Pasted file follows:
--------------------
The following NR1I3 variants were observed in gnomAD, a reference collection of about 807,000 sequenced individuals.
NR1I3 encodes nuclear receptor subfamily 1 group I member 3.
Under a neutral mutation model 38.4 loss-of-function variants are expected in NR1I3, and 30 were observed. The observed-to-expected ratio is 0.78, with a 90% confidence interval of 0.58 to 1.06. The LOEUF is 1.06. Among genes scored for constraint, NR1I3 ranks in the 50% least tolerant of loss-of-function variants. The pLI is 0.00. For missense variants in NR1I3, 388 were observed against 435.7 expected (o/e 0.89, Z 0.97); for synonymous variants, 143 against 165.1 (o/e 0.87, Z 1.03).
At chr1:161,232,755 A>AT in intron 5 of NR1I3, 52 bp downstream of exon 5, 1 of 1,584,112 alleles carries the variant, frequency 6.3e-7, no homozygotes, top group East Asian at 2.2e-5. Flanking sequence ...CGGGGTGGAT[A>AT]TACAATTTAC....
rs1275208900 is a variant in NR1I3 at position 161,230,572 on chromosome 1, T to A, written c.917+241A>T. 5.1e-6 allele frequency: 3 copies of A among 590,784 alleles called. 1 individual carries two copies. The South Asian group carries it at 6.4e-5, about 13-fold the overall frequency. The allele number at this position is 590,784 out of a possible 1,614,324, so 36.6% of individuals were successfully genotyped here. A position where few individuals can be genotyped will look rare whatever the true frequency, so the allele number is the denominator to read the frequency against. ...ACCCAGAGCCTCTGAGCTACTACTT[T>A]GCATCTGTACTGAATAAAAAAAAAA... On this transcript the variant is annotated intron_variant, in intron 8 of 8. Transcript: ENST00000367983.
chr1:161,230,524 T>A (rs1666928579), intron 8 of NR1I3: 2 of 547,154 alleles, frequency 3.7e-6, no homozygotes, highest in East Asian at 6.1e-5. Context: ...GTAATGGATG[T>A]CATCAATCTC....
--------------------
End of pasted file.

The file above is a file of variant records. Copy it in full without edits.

The following NR1I3 variants were observed in gnomAD, a reference collection of about 807,000 sequenced individuals.
NR1I3 encodes nuclear receptor subfamily 1 group I member 3.
Under a neutral mutation model 38.4 loss-of-function variants are expected in NR1I3, and 30 were observed. The observed-to-expected ratio is 0.78, with a 90% confidence interval of 0.58 to 1.06. The LOEUF is 1.06. Among genes scored for constraint, NR1I3 ranks in the 50% least tolerant of loss-of-function variants. The pLI is 0.00. For missense variants in NR1I3, 388 were observed against 435.7 expected (o/e 0.89, Z 0.97); for synonymous variants, 143 against 165.1 (o/e 0.87, Z 1.03).
At chr1:161,232,755 A>AT in intron 5 of NR1I3, 52 bp downstream of exon 5, 1 of 1,584,112 alleles carries the variant, frequency 6.3e-7, no homozygotes, top group East Asian at 2.2e-5. Flanking sequence ...CGGGGTGGAT[A>AT]TACAATTTAC....
rs1275208900 is a variant in NR1I3 at position 161,230,572 on chromosome 1, T to A, written c.917+241A>T. 5.1e-6 allele frequency: 3 copies of A among 590,784 alleles called. 1 individual carries two copies. The South Asian group carries it at 6.4e-5, about 13-fold the overall frequency. The allele number at this position is 590,784 out of a possible 1,614,324, so 36.6% of individuals were successfully genotyped here. A position where few individuals can be genotyped will look rare whatever the true frequency, so the allele number is the denominator to read the frequency against. ...ACCCAGAGCCTCTGAGCTACTACTT[T>A]GCATCTGTACTGAATAAAAAAAAAA... On this transcript the variant is annotated intron_variant, in intron 8 of 8. Transcript: ENST00000367983.
chr1:161,230,524 T>A (rs1666928579), intron 8 of NR1I3: 2 of 547,154 alleles, frequency 3.7e-6, no homozygotes, highest in East Asian at 6.1e-5. Context: ...GTAATGGATG[T>A]CATCAATCTC....